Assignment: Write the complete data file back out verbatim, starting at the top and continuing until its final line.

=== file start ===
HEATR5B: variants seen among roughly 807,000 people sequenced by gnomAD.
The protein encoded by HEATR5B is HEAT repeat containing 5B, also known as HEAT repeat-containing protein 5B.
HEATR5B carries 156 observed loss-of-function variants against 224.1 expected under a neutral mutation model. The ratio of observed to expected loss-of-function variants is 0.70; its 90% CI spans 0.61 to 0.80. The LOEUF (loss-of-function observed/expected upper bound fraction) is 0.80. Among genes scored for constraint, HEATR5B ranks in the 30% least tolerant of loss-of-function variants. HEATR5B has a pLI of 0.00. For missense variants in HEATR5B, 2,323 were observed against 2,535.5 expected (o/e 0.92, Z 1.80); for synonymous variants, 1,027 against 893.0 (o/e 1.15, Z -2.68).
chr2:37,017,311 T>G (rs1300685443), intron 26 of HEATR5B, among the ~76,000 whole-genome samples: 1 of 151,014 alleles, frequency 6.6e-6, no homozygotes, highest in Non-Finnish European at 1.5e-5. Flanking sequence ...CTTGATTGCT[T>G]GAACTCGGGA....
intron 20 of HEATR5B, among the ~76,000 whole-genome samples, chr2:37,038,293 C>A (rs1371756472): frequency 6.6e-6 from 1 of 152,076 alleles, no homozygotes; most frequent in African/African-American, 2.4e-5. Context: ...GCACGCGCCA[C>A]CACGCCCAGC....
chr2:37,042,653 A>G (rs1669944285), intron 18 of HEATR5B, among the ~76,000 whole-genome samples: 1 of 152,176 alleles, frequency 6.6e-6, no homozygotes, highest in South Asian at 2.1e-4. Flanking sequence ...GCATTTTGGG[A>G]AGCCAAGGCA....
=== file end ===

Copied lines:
HEATR5B: variants seen among roughly 807,000 people sequenced by gnomAD.
The protein encoded by HEATR5B is HEAT repeat containing 5B, also known as HEAT repeat-containing protein 5B.
HEATR5B carries 156 observed loss-of-function variants against 224.1 expected under a neutral mutation model. The ratio of observed to expected loss-of-function variants is 0.70; its 90% CI spans 0.61 to 0.80. The LOEUF (loss-of-function observed/expected upper bound fraction) is 0.80. Among genes scored for constraint, HEATR5B ranks in the 30% least tolerant of loss-of-function variants. HEATR5B has a pLI of 0.00. For missense variants in HEATR5B, 2,323 were observed against 2,535.5 expected (o/e 0.92, Z 1.80); for synonymous variants, 1,027 against 893.0 (o/e 1.15, Z -2.68).
chr2:37,017,311 T>G (rs1300685443), intron 26 of HEATR5B, among the ~76,000 whole-genome samples: 1 of 151,014 alleles, frequency 6.6e-6, no homozygotes, highest in Non-Finnish European at 1.5e-5. Flanking sequence ...CTTGATTGCT[T>G]GAACTCGGGA....
intron 20 of HEATR5B, among the ~76,000 whole-genome samples, chr2:37,038,293 C>A (rs1371756472): frequency 6.6e-6 from 1 of 152,076 alleles, no homozygotes; most frequent in African/African-American, 2.4e-5. Context: ...GCACGCGCCA[C>A]CACGCCCAGC....
chr2:37,042,653 A>G (rs1669944285), intron 18 of HEATR5B, among the ~76,000 whole-genome samples: 1 of 152,176 alleles, frequency 6.6e-6, no homozygotes, highest in South Asian at 2.1e-4. Flanking sequence ...GCATTTTGGG[A>G]AGCCAAGGCA....